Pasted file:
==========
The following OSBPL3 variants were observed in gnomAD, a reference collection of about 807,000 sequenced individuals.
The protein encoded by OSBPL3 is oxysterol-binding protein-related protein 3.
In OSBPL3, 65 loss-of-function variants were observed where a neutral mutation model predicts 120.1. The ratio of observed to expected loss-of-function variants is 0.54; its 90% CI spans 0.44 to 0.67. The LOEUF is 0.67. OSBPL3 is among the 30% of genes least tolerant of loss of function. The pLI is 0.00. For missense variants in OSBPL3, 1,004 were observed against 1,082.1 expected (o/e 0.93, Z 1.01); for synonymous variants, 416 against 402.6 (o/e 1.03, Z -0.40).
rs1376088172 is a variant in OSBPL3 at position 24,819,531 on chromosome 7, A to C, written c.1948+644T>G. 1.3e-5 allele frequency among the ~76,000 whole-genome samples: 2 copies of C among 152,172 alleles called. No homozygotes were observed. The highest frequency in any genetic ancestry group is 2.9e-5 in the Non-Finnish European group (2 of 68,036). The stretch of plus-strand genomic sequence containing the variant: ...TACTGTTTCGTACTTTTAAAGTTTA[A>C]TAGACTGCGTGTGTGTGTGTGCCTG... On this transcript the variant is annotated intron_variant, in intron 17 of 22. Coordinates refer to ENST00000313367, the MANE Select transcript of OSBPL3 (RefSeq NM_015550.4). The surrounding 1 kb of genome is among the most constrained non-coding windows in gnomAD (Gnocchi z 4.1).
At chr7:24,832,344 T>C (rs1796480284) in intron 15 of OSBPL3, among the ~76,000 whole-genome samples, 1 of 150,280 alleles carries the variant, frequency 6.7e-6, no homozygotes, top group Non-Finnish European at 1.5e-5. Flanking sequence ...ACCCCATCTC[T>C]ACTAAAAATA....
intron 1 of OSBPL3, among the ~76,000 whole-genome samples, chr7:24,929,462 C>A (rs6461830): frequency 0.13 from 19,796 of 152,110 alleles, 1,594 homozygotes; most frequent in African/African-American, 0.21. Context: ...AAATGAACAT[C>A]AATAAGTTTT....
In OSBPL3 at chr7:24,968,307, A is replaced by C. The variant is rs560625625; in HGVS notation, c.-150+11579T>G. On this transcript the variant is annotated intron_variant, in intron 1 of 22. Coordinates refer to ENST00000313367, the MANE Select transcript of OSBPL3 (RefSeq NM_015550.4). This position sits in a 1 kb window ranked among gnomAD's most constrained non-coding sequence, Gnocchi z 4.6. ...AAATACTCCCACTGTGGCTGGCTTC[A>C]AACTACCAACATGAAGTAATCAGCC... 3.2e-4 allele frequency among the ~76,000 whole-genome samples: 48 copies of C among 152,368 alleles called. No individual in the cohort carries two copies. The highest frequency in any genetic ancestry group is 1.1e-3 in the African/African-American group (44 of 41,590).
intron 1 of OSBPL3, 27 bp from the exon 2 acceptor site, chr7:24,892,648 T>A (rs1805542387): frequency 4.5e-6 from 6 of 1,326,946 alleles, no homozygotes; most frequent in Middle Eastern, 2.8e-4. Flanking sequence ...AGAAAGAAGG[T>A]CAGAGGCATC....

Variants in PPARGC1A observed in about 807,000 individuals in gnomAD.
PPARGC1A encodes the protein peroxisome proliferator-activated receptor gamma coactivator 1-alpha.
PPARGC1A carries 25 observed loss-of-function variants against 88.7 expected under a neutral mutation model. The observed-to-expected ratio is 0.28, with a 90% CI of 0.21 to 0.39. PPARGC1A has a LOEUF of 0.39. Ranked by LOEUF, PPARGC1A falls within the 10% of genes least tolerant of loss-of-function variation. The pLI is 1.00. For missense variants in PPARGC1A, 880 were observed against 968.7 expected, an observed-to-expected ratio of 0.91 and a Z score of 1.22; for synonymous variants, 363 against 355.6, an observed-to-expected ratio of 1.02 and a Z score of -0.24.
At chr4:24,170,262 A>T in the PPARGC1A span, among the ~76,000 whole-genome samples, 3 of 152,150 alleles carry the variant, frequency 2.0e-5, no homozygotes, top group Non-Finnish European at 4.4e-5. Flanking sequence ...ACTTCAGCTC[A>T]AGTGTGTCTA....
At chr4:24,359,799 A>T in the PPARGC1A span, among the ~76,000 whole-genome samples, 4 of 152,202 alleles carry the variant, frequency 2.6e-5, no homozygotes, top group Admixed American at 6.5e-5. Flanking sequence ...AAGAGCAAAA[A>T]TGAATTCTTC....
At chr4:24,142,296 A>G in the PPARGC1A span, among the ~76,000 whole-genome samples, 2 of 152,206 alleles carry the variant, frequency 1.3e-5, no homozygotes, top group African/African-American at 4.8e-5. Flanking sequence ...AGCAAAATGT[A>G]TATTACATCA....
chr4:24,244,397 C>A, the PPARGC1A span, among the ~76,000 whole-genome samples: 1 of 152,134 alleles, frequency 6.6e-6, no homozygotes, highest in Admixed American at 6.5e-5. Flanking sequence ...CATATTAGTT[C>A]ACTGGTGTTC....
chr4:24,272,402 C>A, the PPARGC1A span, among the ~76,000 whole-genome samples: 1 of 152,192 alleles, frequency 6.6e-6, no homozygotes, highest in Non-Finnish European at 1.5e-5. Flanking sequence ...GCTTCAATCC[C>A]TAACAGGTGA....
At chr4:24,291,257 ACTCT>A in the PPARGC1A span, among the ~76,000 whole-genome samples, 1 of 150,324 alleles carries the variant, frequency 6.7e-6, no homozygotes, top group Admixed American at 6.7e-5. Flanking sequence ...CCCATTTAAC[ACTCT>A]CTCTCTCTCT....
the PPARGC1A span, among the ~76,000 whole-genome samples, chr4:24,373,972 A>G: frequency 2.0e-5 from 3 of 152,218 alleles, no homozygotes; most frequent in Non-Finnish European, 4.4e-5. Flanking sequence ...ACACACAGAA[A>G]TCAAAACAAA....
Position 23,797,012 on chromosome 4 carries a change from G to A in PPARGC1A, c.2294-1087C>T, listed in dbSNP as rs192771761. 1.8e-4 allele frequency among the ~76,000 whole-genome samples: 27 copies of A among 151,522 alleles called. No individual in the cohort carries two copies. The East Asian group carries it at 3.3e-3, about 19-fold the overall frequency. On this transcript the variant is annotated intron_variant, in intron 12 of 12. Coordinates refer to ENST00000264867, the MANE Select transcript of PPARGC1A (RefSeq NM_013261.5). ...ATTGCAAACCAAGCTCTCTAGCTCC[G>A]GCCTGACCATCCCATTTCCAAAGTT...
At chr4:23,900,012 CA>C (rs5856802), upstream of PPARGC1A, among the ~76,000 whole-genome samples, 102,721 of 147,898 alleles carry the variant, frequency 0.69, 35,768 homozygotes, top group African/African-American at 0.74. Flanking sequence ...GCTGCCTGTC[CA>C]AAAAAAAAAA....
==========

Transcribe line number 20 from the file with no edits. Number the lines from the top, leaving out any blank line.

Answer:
At chr4:23,900,012 CA>C (rs5856802), upstream of PPARGC1A, among the ~76,000 whole-genome samples, 102,721 of 147,898 alleles carry the variant, frequency 0.69, 35,768 homozygotes, top group African/African-American at 0.74. Flanking sequence ...GCTGCCTGTC[CA>C]AAAAAAAAAA....